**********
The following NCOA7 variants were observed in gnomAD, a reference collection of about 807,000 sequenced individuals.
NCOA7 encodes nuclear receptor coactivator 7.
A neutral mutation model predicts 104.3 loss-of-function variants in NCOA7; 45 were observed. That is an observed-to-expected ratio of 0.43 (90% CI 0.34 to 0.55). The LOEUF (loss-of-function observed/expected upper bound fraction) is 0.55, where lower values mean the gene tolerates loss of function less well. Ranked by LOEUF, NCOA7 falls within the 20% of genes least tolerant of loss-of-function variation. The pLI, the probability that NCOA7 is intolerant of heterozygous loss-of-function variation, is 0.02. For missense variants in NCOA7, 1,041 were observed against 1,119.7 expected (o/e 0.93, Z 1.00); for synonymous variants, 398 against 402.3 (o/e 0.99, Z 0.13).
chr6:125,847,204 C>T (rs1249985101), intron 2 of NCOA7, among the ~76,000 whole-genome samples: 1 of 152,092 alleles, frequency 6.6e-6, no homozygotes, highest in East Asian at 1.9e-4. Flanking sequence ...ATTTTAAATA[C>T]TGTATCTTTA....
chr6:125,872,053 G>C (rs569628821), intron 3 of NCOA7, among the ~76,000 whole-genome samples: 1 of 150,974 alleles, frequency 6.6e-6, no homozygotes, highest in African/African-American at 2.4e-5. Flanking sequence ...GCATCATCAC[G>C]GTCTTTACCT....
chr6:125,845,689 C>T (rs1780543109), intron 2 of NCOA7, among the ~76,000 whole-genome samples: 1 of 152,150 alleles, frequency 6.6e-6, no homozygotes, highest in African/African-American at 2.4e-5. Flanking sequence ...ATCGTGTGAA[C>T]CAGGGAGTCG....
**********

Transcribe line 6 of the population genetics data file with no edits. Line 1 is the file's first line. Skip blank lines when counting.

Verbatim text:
chr6:125,845,689 C>T (rs1780543109), intron 2 of NCOA7, among the ~76,000 whole-genome samples: 1 of 152,150 alleles, frequency 6.6e-6, no homozygotes, highest in African/African-American at 2.4e-5. Flanking sequence ...ATCGTGTGAA[C>T]CAGGGAGTCG....